(Last Updated on December 23, 2021 by zimdaily)
HWANGE – A road in the mining and resort town of Hwange has been ripped apart by raging underground coal fires which have been wreaking havoc unattended for months despite authorities having been notified.
The lava-like underground coal fires destroyed a road linking Hwange Colliery Company (HCCL)’s out-of-service Number Two Colliery and Number Three Colliery mines. There are fears the fire could encroach into populated areas with deadly consequences.
Already, lives and limps have been lost to these
According to Fidelis Chima, coordinator of Greater Hwange Residents Trust, some 10 000 people are in danger, with possibly living above these furnaces.
“The underground fires at Makwika and Madumabisa have been there for years, the place was once mined for coal, now when oxygen gets in contact with the mineral it produces heat which eventually results in these fires,” Chima said.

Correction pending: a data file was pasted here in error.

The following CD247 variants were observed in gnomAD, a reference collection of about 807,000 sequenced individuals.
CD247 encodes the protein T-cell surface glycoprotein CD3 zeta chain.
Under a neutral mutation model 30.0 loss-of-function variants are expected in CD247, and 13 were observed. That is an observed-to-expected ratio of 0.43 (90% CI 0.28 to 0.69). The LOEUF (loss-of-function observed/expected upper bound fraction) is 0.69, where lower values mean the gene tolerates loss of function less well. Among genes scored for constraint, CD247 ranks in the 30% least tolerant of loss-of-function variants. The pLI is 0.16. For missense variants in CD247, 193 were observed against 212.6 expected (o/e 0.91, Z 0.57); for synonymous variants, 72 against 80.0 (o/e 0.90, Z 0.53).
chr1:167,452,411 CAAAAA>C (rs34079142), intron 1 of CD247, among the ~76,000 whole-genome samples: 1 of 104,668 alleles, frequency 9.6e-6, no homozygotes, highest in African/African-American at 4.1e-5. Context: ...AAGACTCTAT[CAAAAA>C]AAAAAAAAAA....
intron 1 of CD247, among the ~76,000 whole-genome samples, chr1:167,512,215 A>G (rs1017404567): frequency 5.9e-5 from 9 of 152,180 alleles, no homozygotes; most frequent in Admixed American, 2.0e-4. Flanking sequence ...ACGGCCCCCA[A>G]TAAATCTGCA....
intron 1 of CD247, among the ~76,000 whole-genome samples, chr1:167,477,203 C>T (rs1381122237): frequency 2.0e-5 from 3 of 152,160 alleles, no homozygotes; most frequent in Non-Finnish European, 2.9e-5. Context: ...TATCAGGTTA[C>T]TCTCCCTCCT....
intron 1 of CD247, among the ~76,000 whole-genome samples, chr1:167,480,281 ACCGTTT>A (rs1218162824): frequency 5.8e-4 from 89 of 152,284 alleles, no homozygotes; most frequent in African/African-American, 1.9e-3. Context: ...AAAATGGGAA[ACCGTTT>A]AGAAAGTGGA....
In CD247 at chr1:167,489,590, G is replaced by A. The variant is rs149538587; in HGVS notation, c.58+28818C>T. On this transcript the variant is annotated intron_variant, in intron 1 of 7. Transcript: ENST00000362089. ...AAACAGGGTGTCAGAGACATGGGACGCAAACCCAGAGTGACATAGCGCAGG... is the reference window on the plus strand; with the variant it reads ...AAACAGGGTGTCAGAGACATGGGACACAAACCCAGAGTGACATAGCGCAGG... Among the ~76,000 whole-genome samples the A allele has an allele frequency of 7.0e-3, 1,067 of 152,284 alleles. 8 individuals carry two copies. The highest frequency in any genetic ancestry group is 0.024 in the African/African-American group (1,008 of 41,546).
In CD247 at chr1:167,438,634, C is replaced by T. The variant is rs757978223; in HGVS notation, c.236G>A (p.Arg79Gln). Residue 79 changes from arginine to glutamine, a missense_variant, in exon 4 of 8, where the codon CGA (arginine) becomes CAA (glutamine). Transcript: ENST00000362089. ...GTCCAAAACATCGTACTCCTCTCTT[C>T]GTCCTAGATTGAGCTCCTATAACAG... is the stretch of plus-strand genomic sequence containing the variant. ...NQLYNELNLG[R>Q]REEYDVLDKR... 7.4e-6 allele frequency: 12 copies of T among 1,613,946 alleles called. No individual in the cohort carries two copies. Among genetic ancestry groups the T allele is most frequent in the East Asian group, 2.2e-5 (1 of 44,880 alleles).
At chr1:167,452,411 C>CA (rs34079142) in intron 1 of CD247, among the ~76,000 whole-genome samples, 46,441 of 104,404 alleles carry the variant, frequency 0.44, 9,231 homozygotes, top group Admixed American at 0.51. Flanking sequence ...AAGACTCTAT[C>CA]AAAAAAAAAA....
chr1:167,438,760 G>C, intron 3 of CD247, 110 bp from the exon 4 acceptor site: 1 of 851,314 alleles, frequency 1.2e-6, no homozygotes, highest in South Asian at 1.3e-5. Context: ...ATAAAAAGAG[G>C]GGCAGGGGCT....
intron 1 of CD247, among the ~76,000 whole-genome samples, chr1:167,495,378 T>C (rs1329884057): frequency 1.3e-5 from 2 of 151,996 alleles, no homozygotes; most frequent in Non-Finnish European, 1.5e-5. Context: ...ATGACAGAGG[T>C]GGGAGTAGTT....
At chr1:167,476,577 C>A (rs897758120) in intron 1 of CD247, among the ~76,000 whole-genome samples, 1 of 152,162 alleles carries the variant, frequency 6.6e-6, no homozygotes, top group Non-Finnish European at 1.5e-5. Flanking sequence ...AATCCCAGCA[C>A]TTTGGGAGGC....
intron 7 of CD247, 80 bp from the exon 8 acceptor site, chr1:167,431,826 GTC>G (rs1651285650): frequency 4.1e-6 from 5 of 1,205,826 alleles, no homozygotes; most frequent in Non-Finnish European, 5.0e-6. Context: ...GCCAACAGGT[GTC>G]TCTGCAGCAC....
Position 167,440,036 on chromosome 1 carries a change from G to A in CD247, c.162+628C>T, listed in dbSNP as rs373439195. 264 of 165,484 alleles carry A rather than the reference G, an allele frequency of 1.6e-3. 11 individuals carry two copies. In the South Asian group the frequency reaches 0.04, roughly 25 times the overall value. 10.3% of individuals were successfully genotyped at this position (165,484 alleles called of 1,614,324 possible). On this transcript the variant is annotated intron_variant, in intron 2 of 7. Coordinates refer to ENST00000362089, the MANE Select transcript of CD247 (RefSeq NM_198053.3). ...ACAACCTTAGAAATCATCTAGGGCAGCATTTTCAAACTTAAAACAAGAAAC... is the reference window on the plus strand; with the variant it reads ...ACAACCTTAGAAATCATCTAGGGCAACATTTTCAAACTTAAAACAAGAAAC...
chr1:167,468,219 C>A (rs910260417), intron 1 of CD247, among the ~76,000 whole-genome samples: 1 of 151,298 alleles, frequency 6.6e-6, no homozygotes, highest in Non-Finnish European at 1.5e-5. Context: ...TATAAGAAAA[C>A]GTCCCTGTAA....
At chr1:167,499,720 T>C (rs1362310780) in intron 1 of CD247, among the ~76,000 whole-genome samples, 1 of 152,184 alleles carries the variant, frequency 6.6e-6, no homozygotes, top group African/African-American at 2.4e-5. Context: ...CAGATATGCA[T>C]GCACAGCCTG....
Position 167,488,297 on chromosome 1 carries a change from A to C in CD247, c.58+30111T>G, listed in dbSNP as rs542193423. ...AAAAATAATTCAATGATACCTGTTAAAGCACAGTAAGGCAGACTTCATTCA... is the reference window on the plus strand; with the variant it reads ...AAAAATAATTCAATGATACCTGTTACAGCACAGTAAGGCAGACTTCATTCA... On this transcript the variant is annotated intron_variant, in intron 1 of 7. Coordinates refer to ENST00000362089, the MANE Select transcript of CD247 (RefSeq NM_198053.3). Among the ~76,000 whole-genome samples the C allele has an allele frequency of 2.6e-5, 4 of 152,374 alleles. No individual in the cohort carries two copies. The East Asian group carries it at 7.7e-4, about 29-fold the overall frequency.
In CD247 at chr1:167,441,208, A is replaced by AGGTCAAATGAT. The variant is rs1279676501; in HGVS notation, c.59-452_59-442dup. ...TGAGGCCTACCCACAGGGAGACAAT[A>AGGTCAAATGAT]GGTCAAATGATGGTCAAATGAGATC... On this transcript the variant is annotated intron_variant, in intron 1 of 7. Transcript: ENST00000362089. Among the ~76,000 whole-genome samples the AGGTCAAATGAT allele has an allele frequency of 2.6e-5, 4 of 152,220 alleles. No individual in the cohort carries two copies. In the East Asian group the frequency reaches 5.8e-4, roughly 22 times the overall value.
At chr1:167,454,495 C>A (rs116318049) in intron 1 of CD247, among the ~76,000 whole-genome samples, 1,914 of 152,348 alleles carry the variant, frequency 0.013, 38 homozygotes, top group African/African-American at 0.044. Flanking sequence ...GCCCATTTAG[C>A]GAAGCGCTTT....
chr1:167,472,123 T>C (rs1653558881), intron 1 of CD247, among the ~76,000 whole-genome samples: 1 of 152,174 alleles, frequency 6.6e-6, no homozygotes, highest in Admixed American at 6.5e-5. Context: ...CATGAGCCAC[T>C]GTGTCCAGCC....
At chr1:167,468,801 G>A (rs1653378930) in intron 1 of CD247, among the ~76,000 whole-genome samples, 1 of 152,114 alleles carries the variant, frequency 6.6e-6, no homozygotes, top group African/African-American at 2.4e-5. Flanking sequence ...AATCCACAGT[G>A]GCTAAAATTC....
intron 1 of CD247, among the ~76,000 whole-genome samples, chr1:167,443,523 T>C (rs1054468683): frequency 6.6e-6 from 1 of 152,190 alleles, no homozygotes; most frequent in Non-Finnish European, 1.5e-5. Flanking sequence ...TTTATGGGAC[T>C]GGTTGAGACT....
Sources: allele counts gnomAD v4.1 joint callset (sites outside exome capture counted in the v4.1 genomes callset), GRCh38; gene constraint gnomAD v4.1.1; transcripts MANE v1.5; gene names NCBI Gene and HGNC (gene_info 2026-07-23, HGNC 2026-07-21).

“It is possible that there could be people living on top of these fires, our greatest fear is that some of the people and houses will be consumed by these underground fires. These fires have been there for more than 20 years but they are intensifying at a very scary proportion and more than 10 000 people are now under threat,” he said.
An eight-year-old girl lost her life after falling into one of the pits recently.
Efforts by Mpilo General Hospital doctors to treat her were futile, they even attempted to amputate her limbs in vain.
Centre for natural Resource Governance (CNRG) director Farai Maguwu said government should be prepared to resettle some Hwange residents as these types of fires could not be put out.
“Putting out the fires is not possible,” said Maguwu.
“Government and the HCCL need coal seam fire trackers to identify high risk areas and cordon them off.
“Some settlements need to be wholly abandoned and a resettlement plan put in place, while roads need to be constantly monitored otherwise moving vehicles can be swallowed.”
Poverty has however worsened the danger residents are in as most risk scavenging for coal at its dumps for resale despite full knowledge the sites are infested by underground fires and pits which could signal their end.